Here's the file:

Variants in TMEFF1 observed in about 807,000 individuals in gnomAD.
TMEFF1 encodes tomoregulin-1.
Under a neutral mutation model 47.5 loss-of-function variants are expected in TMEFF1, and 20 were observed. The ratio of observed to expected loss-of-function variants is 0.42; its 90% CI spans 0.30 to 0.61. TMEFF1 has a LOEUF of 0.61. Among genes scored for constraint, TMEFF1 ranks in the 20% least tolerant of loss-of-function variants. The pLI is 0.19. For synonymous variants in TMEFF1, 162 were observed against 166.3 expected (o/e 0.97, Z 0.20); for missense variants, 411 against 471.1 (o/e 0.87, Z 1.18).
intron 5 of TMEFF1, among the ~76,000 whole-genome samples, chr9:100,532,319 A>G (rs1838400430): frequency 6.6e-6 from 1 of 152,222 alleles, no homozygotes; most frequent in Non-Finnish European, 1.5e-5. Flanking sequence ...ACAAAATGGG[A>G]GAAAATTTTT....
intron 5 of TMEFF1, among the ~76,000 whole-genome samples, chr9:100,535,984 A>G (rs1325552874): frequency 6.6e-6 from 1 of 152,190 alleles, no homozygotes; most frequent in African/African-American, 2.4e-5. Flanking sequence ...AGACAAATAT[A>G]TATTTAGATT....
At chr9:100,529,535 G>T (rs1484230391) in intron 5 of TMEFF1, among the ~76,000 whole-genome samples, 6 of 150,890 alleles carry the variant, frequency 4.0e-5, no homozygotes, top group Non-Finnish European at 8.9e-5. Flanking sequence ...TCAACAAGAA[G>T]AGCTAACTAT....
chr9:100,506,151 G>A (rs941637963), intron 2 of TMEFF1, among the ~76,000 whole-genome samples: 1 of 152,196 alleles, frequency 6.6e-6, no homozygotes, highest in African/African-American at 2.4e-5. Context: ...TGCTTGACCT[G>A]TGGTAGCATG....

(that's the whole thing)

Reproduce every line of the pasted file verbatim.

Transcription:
Variants in TMEFF1 observed in about 807,000 individuals in gnomAD.
TMEFF1 encodes tomoregulin-1.
Under a neutral mutation model 47.5 loss-of-function variants are expected in TMEFF1, and 20 were observed. The ratio of observed to expected loss-of-function variants is 0.42; its 90% CI spans 0.30 to 0.61. TMEFF1 has a LOEUF of 0.61. Among genes scored for constraint, TMEFF1 ranks in the 20% least tolerant of loss-of-function variants. The pLI is 0.19. For synonymous variants in TMEFF1, 162 were observed against 166.3 expected (o/e 0.97, Z 0.20); for missense variants, 411 against 471.1 (o/e 0.87, Z 1.18).
intron 5 of TMEFF1, among the ~76,000 whole-genome samples, chr9:100,532,319 A>G (rs1838400430): frequency 6.6e-6 from 1 of 152,222 alleles, no homozygotes; most frequent in Non-Finnish European, 1.5e-5. Flanking sequence ...ACAAAATGGG[A>G]GAAAATTTTT....
intron 5 of TMEFF1, among the ~76,000 whole-genome samples, chr9:100,535,984 A>G (rs1325552874): frequency 6.6e-6 from 1 of 152,190 alleles, no homozygotes; most frequent in African/African-American, 2.4e-5. Flanking sequence ...AGACAAATAT[A>G]TATTTAGATT....
At chr9:100,529,535 G>T (rs1484230391) in intron 5 of TMEFF1, among the ~76,000 whole-genome samples, 6 of 150,890 alleles carry the variant, frequency 4.0e-5, no homozygotes, top group Non-Finnish European at 8.9e-5. Flanking sequence ...TCAACAAGAA[G>T]AGCTAACTAT....
chr9:100,506,151 G>A (rs941637963), intron 2 of TMEFF1, among the ~76,000 whole-genome samples: 1 of 152,196 alleles, frequency 6.6e-6, no homozygotes, highest in African/African-American at 2.4e-5. Context: ...TGCTTGACCT[G>A]TGGTAGCATG....